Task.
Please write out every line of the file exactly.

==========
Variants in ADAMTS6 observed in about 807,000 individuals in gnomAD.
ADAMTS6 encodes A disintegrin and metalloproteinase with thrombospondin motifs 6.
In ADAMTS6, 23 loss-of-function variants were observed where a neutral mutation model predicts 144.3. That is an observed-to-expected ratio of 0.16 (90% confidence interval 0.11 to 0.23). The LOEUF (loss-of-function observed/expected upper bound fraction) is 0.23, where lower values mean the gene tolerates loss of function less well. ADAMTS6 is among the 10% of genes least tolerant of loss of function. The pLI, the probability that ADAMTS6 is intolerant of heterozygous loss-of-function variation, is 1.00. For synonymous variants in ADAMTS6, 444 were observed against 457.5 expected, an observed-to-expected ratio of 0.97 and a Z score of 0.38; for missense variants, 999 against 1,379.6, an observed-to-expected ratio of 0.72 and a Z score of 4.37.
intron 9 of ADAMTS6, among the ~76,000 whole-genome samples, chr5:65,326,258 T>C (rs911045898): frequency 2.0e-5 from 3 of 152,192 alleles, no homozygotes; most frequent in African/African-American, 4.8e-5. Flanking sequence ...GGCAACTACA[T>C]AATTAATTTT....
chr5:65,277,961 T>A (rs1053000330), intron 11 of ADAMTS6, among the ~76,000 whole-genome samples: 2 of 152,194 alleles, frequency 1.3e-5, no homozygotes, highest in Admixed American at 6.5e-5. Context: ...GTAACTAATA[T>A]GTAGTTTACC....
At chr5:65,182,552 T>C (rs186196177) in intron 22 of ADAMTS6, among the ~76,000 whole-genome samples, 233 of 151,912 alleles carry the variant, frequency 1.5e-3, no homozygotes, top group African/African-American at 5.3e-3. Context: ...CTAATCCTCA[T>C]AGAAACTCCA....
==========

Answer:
Variants in ADAMTS6 observed in about 807,000 individuals in gnomAD.
ADAMTS6 encodes A disintegrin and metalloproteinase with thrombospondin motifs 6.
In ADAMTS6, 23 loss-of-function variants were observed where a neutral mutation model predicts 144.3. That is an observed-to-expected ratio of 0.16 (90% confidence interval 0.11 to 0.23). The LOEUF (loss-of-function observed/expected upper bound fraction) is 0.23, where lower values mean the gene tolerates loss of function less well. ADAMTS6 is among the 10% of genes least tolerant of loss of function. The pLI, the probability that ADAMTS6 is intolerant of heterozygous loss-of-function variation, is 1.00. For synonymous variants in ADAMTS6, 444 were observed against 457.5 expected, an observed-to-expected ratio of 0.97 and a Z score of 0.38; for missense variants, 999 against 1,379.6, an observed-to-expected ratio of 0.72 and a Z score of 4.37.
intron 9 of ADAMTS6, among the ~76,000 whole-genome samples, chr5:65,326,258 T>C (rs911045898): frequency 2.0e-5 from 3 of 152,192 alleles, no homozygotes; most frequent in African/African-American, 4.8e-5. Flanking sequence ...GGCAACTACA[T>C]AATTAATTTT....
chr5:65,277,961 T>A (rs1053000330), intron 11 of ADAMTS6, among the ~76,000 whole-genome samples: 2 of 152,194 alleles, frequency 1.3e-5, no homozygotes, highest in Admixed American at 6.5e-5. Context: ...GTAACTAATA[T>A]GTAGTTTACC....
At chr5:65,182,552 T>C (rs186196177) in intron 22 of ADAMTS6, among the ~76,000 whole-genome samples, 233 of 151,912 alleles carry the variant, frequency 1.5e-3, no homozygotes, top group African/African-American at 5.3e-3. Context: ...CTAATCCTCA[T>C]AGAAACTCCA....